But Vietnam caught my attention. A boy I taught when I was 22 (and he was 18) went off to war…and lost the use of his legs. My husband’s nephew served in the Marines, and though he was not wounded, he still bore scars. I got to know several Vietnam vets, and I realized many would never be quite the same again.

The husband of my great-niece was a healthy guy who was employed with the Aberdeen fire department and was a paramedic. He voluntarily went to Desert Storm, then Bosnia with the Reserves. He then voluntarily went to Iraq.

There, he sustained traumatic brain injury in an explosion, and also suffered from waste-pit fumes. He has chronic PTSD and depression. He is legally blind. He has constant stomach pain. He is forgetful. And there are several other conditions directly related to service. His wife-a first-grade teacher-has taken a year off from teaching to help Sean try to make adjustments.

They have been going around and around in circles since Sean was injured, trying to somehow get answers, get aid, get relief from pain.

Melissa has a lengthy blog on the Internet. It is tragic to read, but it is also a testimony to strength. After she viewed, “When the War Comes Home,” Melissa quoted from it: “There ought to be more songs about those soldiers whose war is never over, who made it home but never quite came back…oughta be more songs ’bout that.”

It is easier to relate to a person or a situation you know, so as I read Melissa’s blog ( it brings things closer to home, and also magnifies the fact that Sean and Melissa are part of the much bigger picture of what veterans sometimes face.
She sums up their life today: “In many cases when soldiers return home, life does not get back to normal. Instead, we must learn to live with, and adapt to, a new normal.”

Despite all the turmoil, Melissa states, “Sean LOVED being a soldier. He used to say they would have to kick him out of the Army at age 60. He would have gladly deployed 10 more times and done his duty to his country.”
So, this Veterans’ Day, people will again fly the flag, make speeches, perhaps play patriotic music. But it is also a perfect time to truly, truly think about what we have, what we enjoy, and what we take for granted. Thank a soldier; thank all the soldiers, and not just on special days. Then take a deep breath and breathe in the air that is “freedom.” Never take it for granted.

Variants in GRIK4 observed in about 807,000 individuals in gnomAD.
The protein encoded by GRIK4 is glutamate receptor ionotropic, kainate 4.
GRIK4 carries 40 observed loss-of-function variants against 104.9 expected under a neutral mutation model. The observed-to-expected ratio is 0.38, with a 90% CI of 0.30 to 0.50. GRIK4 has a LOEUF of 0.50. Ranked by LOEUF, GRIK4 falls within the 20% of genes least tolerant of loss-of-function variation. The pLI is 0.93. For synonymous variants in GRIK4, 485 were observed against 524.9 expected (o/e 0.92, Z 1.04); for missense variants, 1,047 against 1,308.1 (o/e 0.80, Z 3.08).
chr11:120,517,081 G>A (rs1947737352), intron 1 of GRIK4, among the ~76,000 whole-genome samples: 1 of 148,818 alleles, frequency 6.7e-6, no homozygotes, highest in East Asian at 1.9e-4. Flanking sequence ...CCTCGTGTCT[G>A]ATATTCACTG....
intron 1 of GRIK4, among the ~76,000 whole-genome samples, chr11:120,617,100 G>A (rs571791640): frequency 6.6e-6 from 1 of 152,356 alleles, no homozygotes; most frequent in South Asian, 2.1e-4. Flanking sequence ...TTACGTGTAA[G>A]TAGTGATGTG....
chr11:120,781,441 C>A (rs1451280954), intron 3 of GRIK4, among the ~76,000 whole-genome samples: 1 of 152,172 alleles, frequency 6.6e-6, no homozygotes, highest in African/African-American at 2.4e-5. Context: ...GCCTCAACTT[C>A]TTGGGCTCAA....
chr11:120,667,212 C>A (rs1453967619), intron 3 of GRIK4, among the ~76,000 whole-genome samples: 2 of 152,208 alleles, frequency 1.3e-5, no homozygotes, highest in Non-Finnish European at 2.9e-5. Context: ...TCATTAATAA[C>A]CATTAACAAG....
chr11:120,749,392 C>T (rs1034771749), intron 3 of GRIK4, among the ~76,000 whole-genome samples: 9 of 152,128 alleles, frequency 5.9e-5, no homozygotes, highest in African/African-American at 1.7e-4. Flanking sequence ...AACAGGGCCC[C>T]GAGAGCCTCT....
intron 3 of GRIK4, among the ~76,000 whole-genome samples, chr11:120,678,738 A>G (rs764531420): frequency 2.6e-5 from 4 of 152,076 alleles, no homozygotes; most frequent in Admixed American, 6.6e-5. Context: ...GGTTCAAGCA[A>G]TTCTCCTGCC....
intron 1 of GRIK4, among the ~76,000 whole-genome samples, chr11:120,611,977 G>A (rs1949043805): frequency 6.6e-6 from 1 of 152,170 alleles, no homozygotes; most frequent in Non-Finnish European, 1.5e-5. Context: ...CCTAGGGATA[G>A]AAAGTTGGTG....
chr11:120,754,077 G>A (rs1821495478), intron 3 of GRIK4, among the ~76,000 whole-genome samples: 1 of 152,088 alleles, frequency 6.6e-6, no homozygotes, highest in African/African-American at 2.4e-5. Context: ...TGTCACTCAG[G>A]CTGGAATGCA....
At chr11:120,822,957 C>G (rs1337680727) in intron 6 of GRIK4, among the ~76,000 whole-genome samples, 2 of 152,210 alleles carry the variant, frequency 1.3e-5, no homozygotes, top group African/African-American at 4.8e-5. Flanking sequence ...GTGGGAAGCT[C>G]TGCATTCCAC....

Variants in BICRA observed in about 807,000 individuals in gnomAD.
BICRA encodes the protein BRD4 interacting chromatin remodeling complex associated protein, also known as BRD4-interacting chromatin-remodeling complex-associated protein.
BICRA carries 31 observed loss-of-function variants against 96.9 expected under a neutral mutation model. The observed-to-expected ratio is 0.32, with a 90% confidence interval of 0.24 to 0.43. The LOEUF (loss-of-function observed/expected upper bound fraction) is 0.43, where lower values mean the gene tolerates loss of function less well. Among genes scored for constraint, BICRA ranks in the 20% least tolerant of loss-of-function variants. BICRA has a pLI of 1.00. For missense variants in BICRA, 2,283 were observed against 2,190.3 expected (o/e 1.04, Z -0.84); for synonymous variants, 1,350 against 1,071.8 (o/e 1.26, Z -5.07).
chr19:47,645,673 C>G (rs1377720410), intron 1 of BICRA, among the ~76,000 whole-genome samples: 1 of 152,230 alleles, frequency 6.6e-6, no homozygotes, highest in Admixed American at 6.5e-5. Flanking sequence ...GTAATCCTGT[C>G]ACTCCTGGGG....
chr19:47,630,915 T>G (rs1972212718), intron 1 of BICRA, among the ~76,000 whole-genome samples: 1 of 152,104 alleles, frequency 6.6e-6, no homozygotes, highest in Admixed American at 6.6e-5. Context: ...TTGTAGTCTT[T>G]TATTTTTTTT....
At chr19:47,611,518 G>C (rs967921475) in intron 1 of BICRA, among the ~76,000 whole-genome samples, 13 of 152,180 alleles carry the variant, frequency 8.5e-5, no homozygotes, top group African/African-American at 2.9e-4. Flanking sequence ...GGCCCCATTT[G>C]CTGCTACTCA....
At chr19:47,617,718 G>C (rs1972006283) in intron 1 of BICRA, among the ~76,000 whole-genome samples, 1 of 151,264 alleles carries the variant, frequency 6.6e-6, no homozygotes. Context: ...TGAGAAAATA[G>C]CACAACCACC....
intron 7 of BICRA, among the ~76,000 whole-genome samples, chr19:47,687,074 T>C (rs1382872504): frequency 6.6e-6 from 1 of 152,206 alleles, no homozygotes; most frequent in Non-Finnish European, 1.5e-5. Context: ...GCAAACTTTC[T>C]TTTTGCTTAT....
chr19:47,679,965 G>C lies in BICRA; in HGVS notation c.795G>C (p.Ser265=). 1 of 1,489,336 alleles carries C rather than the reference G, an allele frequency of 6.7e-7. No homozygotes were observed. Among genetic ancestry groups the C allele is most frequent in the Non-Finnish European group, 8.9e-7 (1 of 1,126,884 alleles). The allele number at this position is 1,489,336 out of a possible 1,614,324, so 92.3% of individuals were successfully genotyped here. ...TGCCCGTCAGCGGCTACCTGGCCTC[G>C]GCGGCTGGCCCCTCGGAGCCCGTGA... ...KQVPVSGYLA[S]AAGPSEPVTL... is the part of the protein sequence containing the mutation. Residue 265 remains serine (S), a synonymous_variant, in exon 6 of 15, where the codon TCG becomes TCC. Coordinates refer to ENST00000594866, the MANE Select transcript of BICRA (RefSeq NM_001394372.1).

“None who have always been free can understand the terrible fascinating power of the hope of freedom to those who are not free.” ~Pearl S. Buck

Veterans Return with "Hidden" Vision Problems

Another interesting article from NPR.
Some Veterans Return With ‘Hidden’ Vision Problems

Happy Veterans Day

Happy Veterans Day to all veterans and their families.  Thank you for your dedicated service and sacrifice.

Onward and Upward

During his marathon week of VA appointments Sean had upper and lower GI scopes which fortunately did not show any problems. He had a CT scan of his sinuses and a follow up ENT exam and will have sinus surgery in January for recurrent sinus infections/fluid build up. He has also been evaluated by pulmonary for shortness of breath and found to have reduced lung capacity (but clear xrays) and sleep apnea. He will do a sleep study in December.

Prior to his service in Iraq his biggest health concerns were seasonal allergies and an occasional cold. It illustrates the continued need to research and provide top-notch care to our Veterans. He has all his limbs, and everything in it’s place, but it’s the collection of persistent health issues that wears him down. It is true in so many of the Veterans that we have met. It’s the little things that daily take their toll in addition to the primary conditions.

Sean was extremely frustrated that every doctor he sees and test he has leads to another test or procedure. Indeed, it has been this way for four years. 

We are both frustrated with waiting. . . waiting for resolution. . . waiting for our lives to get back on track.  But, as the psychologist pointed out last week, what if this is it?  What if this is our life?  We are trying to find the “new normal” yet this might be it.  Hmmm. . . that is an interesting scenario.